Shia Muslim Saudis protest in the eastern Saudi city of Qatif, March 10, 2011. (AP)
Shia Muslim Saudis protest in the eastern Saudi city of Qatif, March 10, 2011. (AP)

Saudi journalist imprisoned for ‘slandering ruler,’ communicating with TV stations

The Specialized Court of Appeals in Riyadh in April 2017 upheld a Riyadh criminal court’s conviction of Saudi journalist Nadhir al-Majid on charges of “slandering the ruler” and sending electronic messages to TV channels and human rights organizations, according to Agence France-Presse and the Gulf Center for Human Rights. Al-Majid was initially convicted on January 18, 2017, and imprisoned the same day, according to Human Rights Watch and the Saudi-focused human rights organization Al-Qst.

The charges stemmed from an April 2, 2011, opinion piece al-Majid published in the Sydney, Australia-based, Arabic-language magazine Al-Mothaqaf. Headlined, “I protest, therefore I am,” the article supported the “right to protest” amid calls for a “Saudi Day of Anger” in the eastern Saudi city of al-Qatif, which is predominantly Shia Muslim, according to Human Rights Watch and Front Line Defenders. Al-Majid also contributed opinion pieces to Al-Sharq, Al-Hiwar al-Motamaden and Al-Faisal magazine.

Security forces on April 13, 2011, arrested al-Majid from the school where he taught in Al-Khobar, according to news reports, which also noted that officials from Saudi Arabia’s General Investigations Department raided his house and confiscated his laptop and other belongings.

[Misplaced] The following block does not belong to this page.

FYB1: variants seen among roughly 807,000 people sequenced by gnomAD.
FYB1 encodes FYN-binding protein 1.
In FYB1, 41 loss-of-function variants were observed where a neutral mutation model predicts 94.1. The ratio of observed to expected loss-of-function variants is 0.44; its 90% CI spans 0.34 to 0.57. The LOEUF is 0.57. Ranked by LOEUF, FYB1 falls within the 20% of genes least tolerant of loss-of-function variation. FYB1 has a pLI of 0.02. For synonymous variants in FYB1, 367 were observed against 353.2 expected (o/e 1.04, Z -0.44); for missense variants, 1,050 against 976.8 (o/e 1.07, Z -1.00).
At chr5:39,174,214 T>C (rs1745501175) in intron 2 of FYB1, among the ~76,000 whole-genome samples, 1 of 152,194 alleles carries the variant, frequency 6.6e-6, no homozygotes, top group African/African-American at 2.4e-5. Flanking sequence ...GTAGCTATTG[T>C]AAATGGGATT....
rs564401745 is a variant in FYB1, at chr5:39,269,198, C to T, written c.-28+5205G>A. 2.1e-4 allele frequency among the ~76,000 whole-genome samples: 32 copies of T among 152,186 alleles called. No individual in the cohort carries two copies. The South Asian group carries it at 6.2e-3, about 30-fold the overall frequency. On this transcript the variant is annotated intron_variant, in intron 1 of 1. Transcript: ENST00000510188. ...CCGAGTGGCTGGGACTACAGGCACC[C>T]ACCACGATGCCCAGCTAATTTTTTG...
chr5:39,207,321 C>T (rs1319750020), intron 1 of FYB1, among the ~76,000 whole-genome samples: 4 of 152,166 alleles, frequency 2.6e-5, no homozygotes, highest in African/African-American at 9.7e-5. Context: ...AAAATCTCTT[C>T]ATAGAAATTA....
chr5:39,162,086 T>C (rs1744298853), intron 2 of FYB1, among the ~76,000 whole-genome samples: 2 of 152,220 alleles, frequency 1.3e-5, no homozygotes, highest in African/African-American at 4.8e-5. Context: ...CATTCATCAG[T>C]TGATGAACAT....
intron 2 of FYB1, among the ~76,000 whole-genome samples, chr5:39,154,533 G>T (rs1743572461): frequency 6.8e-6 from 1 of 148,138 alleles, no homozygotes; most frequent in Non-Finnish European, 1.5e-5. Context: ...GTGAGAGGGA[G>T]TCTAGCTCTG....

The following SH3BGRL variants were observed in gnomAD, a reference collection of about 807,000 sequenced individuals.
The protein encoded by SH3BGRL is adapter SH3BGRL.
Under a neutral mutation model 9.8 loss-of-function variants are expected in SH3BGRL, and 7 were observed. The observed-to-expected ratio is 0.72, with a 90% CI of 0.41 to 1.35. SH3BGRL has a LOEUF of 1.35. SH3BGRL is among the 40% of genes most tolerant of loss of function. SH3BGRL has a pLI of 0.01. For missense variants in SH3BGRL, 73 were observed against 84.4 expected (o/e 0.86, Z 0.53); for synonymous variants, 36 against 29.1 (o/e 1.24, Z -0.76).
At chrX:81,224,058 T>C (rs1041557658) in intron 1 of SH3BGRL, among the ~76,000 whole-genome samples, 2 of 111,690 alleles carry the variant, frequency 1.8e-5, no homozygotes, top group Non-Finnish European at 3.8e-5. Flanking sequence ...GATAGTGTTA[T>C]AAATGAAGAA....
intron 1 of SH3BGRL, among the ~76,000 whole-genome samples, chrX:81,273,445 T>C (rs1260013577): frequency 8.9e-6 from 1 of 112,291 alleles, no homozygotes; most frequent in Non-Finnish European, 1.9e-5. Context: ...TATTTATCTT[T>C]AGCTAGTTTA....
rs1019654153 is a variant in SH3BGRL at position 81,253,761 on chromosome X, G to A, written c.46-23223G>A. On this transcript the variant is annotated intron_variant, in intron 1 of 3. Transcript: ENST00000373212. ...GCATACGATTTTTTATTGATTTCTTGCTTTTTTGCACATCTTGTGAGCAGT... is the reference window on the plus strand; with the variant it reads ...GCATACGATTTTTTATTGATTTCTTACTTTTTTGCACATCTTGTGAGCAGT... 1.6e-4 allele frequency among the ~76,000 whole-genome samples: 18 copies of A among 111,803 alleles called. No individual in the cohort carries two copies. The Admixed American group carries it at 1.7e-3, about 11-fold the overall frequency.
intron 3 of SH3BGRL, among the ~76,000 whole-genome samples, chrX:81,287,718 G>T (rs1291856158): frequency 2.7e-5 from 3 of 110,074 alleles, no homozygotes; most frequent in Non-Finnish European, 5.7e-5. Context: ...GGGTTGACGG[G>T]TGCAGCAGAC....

Saudi officials then detained al-Majid for 15 months, five of which he spent in solitary confinement, according to the news reports and the Arab Network for Human Rights Information, a Cairo-based human rights organization. On July 26, 2012, a court ordered his release, pending trial, according to news reports.

On January 18, 2017, a Riyadh criminal court convicted him with “slandering the ruler and breaking allegiance with him,” and “sending a group of electronic messages to a number of media outlets and satellite TV channels and human rights organizations,” according to news reports. The court sentenced him to seven years in prison, a subsequent seven-year travel ban, and a fine of 100,000 Saudi riyals (US$26,662), according to news reports.

According to the GCHR statement, al-Majid chose to stand trial in the absence of his family or a lawyer “as he perceived the trial as…a formality” that did not follow international fair-trial standards.

Taha al-Hajji, a Saudi human rights lawyer exiled in Germany who has been helping al-Majid’s family with the case informally, told CPJ that al-Majid’s jailors told him in May that a judge had denied his appeal several weeks prior. He said al-Majid’s family inquired with the court as to when the appeal was denied and was told only that it was in the early part of the lunar, Islamic month of Rajab, which in 2017 fell in April.

EDITOR’S NOTE: The first paragraph has been modified to correct the date of al-Majid’s imprisonment.